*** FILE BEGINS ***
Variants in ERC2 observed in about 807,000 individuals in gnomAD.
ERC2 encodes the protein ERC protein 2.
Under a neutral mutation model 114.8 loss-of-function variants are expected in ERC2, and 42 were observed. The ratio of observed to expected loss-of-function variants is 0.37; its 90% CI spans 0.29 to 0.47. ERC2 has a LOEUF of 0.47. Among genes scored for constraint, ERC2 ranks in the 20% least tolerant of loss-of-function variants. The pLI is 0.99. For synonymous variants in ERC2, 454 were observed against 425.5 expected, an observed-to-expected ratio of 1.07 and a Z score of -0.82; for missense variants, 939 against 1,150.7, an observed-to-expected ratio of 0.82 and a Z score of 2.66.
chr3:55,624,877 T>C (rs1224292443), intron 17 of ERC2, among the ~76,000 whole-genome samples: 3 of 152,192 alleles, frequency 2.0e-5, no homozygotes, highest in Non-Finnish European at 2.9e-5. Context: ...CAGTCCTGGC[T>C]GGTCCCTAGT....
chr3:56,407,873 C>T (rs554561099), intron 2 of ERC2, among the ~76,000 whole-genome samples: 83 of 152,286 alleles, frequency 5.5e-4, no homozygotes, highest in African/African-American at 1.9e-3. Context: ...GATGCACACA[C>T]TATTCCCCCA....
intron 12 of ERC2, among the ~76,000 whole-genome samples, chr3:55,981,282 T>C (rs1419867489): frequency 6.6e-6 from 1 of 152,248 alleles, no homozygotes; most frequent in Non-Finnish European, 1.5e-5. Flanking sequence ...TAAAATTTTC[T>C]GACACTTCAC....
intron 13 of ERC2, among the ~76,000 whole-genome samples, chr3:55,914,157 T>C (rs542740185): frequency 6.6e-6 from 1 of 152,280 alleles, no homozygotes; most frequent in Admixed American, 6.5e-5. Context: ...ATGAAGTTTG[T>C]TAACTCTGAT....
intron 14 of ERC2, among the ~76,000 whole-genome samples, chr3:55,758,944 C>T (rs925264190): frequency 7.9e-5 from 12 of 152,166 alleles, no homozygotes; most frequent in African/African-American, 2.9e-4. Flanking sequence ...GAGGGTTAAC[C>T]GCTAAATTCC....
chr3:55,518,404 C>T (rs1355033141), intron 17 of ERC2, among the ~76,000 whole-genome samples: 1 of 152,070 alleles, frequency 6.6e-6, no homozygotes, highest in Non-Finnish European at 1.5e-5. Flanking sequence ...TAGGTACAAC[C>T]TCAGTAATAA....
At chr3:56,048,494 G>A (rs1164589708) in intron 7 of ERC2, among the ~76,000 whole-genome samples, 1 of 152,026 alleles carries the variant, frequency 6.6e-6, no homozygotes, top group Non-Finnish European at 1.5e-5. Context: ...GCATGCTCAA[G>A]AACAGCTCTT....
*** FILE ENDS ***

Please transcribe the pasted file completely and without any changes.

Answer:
Variants in ERC2 observed in about 807,000 individuals in gnomAD.
ERC2 encodes the protein ERC protein 2.
Under a neutral mutation model 114.8 loss-of-function variants are expected in ERC2, and 42 were observed. The ratio of observed to expected loss-of-function variants is 0.37; its 90% CI spans 0.29 to 0.47. ERC2 has a LOEUF of 0.47. Among genes scored for constraint, ERC2 ranks in the 20% least tolerant of loss-of-function variants. The pLI is 0.99. For synonymous variants in ERC2, 454 were observed against 425.5 expected, an observed-to-expected ratio of 1.07 and a Z score of -0.82; for missense variants, 939 against 1,150.7, an observed-to-expected ratio of 0.82 and a Z score of 2.66.
chr3:55,624,877 T>C (rs1224292443), intron 17 of ERC2, among the ~76,000 whole-genome samples: 3 of 152,192 alleles, frequency 2.0e-5, no homozygotes, highest in Non-Finnish European at 2.9e-5. Context: ...CAGTCCTGGC[T>C]GGTCCCTAGT....
chr3:56,407,873 C>T (rs554561099), intron 2 of ERC2, among the ~76,000 whole-genome samples: 83 of 152,286 alleles, frequency 5.5e-4, no homozygotes, highest in African/African-American at 1.9e-3. Context: ...GATGCACACA[C>T]TATTCCCCCA....
intron 12 of ERC2, among the ~76,000 whole-genome samples, chr3:55,981,282 T>C (rs1419867489): frequency 6.6e-6 from 1 of 152,248 alleles, no homozygotes; most frequent in Non-Finnish European, 1.5e-5. Flanking sequence ...TAAAATTTTC[T>C]GACACTTCAC....
intron 13 of ERC2, among the ~76,000 whole-genome samples, chr3:55,914,157 T>C (rs542740185): frequency 6.6e-6 from 1 of 152,280 alleles, no homozygotes; most frequent in Admixed American, 6.5e-5. Context: ...ATGAAGTTTG[T>C]TAACTCTGAT....
intron 14 of ERC2, among the ~76,000 whole-genome samples, chr3:55,758,944 C>T (rs925264190): frequency 7.9e-5 from 12 of 152,166 alleles, no homozygotes; most frequent in African/African-American, 2.9e-4. Flanking sequence ...GAGGGTTAAC[C>T]GCTAAATTCC....
chr3:55,518,404 C>T (rs1355033141), intron 17 of ERC2, among the ~76,000 whole-genome samples: 1 of 152,070 alleles, frequency 6.6e-6, no homozygotes, highest in Non-Finnish European at 1.5e-5. Flanking sequence ...TAGGTACAAC[C>T]TCAGTAATAA....
At chr3:56,048,494 G>A (rs1164589708) in intron 7 of ERC2, among the ~76,000 whole-genome samples, 1 of 152,026 alleles carries the variant, frequency 6.6e-6, no homozygotes, top group Non-Finnish European at 1.5e-5. Context: ...GCATGCTCAA[G>A]AACAGCTCTT....